Tennessee pastor Willie McLaurin has been named interim president and CEO of the Southern Baptist Convention’s Executive Committee. This is the first time a Black person has headed the predominantly white denomination.
“My prayer is that this season will bring healing and unity to our Convention,” McLaurin said in a release.
“When we love each other the way Jesus loves people then we create the atmosphere for cooperation.”
The church’s executive committee is facing allegations of racism and mishandling of sexual abuse claims.
He said in the release his focus will be on the committee’s day-to-day operations, including cooperating with the sexual abuse investigation task force.
“All of us here on this earth are interims, and I am humbled and honored to be selected and wholly dependent on the Lord to carry out His will in this time of transition,” he said.
McLaurin was named the committee’s vice president for Great Commission relations and mobilization in 2020. The position was created by the organization to focus on spreading the gospel and fostering relations with various demographic groups of Southern Baptists.
McLaurin worked at the Tennessee Baptist Mission Board for 15 years and previously held pastoral roles in churches in that state.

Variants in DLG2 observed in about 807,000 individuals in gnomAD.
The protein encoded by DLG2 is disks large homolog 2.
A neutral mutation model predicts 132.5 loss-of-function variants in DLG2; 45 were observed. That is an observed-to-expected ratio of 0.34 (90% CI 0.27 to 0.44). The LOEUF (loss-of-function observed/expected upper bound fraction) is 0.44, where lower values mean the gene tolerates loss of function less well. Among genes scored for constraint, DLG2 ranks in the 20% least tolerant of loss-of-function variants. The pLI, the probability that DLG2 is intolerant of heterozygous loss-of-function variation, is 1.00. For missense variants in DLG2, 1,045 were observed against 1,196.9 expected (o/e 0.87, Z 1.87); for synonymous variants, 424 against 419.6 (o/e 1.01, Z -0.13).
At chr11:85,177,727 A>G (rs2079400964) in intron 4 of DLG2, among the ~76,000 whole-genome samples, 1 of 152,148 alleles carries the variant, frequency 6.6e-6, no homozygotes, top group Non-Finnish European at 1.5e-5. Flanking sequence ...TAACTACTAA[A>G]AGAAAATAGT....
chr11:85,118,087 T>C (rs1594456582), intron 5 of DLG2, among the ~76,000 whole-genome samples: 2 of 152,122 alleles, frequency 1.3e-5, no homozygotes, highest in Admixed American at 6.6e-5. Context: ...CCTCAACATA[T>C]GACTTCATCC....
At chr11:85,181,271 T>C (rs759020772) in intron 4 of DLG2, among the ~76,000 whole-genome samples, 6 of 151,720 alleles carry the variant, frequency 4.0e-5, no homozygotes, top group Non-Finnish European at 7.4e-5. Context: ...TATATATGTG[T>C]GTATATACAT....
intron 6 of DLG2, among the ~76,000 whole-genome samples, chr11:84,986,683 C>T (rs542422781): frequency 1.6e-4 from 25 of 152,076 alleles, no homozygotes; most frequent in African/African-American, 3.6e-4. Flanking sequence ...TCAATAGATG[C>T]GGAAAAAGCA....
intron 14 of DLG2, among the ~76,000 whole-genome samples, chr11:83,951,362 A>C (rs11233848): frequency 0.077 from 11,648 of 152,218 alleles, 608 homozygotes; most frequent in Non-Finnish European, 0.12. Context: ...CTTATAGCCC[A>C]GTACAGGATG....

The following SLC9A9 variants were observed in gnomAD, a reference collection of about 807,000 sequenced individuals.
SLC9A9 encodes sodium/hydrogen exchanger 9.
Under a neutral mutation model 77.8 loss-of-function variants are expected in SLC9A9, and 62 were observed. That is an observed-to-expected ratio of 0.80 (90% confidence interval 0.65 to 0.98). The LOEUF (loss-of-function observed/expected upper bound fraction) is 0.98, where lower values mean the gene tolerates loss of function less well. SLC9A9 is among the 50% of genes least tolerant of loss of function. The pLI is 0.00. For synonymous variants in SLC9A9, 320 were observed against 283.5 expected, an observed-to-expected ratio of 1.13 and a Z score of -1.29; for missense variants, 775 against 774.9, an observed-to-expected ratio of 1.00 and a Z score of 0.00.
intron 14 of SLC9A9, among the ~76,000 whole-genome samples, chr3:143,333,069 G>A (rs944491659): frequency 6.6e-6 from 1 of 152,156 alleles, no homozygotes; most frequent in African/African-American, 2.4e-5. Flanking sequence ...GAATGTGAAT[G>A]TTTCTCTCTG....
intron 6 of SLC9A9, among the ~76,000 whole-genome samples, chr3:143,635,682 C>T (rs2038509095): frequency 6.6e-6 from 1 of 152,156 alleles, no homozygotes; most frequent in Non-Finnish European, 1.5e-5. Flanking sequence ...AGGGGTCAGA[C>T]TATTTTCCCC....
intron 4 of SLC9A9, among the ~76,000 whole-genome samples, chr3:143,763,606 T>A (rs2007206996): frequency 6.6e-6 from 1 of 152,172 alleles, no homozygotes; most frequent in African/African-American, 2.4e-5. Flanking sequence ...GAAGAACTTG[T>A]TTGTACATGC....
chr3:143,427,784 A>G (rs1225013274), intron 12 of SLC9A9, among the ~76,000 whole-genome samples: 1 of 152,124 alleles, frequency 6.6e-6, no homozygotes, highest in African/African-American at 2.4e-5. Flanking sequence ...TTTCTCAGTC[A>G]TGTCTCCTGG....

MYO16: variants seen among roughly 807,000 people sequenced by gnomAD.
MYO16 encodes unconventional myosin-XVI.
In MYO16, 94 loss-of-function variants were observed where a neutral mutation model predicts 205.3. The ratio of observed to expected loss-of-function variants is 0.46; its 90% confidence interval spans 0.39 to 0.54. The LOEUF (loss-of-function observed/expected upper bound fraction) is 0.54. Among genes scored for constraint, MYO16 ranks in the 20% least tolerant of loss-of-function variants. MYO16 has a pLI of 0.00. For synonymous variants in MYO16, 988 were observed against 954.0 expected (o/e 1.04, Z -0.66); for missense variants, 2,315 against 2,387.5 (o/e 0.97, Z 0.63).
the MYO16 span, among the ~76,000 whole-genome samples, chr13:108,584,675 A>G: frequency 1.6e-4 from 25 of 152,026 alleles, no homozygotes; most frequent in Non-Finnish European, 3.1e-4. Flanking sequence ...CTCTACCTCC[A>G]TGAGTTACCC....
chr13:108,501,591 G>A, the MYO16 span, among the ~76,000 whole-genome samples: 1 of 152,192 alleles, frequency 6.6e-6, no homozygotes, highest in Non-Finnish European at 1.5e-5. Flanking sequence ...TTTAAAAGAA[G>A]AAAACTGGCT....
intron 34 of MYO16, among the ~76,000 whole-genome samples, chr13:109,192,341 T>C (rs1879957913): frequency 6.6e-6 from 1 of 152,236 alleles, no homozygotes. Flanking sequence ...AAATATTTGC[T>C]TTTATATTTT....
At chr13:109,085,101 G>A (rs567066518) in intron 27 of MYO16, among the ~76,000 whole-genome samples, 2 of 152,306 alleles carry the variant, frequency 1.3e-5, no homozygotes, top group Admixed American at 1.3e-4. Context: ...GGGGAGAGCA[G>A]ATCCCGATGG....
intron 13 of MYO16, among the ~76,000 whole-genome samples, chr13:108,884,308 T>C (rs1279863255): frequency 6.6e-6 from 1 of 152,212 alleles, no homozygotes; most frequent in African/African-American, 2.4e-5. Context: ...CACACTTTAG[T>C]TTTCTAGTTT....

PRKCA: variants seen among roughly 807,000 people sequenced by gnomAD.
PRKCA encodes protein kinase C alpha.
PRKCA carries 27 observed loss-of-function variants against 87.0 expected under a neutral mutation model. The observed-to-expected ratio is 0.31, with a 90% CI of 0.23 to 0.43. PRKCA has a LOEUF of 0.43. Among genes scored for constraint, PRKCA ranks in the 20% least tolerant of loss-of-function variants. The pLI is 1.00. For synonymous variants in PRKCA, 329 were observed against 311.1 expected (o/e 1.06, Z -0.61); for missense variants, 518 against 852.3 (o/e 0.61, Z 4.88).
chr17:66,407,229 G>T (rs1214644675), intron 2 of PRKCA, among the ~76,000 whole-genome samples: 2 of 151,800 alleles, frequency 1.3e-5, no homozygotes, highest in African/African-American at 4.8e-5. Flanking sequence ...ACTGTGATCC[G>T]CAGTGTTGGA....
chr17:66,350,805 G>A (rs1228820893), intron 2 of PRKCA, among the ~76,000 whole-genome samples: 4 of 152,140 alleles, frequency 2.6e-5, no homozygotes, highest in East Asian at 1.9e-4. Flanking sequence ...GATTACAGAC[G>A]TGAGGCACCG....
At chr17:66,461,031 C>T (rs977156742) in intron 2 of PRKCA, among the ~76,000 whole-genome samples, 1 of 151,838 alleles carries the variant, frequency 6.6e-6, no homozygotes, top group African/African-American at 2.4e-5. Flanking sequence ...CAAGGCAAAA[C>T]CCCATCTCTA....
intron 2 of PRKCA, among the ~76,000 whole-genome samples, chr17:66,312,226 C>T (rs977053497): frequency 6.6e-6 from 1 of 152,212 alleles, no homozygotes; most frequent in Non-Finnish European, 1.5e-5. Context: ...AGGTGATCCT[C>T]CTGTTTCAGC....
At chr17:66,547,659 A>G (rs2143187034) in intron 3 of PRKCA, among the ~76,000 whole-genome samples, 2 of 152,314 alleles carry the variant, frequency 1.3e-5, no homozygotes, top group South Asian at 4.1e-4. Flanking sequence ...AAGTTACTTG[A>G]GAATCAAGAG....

In June 2020, the Rev. Rolland Slade, senior pastor of Meridian Baptist Church in El Cajon, California, was elected as the first African American chair of the Southern Baptist Convention’s Executive Committee. The office runs the business of the nation’s largest Protestant denomination outside its annual meetings.
“We hope that he will help us to reset the tone by which the EC serves Southern Baptists,” Slade told the Baptist Press, the SBC’s news service. “Immediately before us is the challenge to regain the sense of trust of Southern Baptists.”
Following Slade’s appointment, the Rev. Emmett G. Price III told Boston Public Radio the organization has been dealing with issues of racism and sexism for years.
"The culture has been inbred to the fact that no matter if you have people of color who are pastors of churches, they'll never get to be decisionmakers at the table," said Price.
And you have women who have suffered tremendously, who have been horrifically traumatized, who have not received justice or even an opportunity to tell their story. So, at this moment, you have a couple of leaders choosing to move away from the centerpiece of that table."
Russel Moore, leader of the Southern Baptist Convention’s public policy arm, left the position in June to join Christianity Today magazine. Two letters he sent to Southern Baptist leadership in which Moore described a culture of racism and mishandling of sexual abuse claims were leaked to the public.
"As George Floyd was an inflection point last year, this change right now is an inflection point for the Southern Baptist Church," Price said.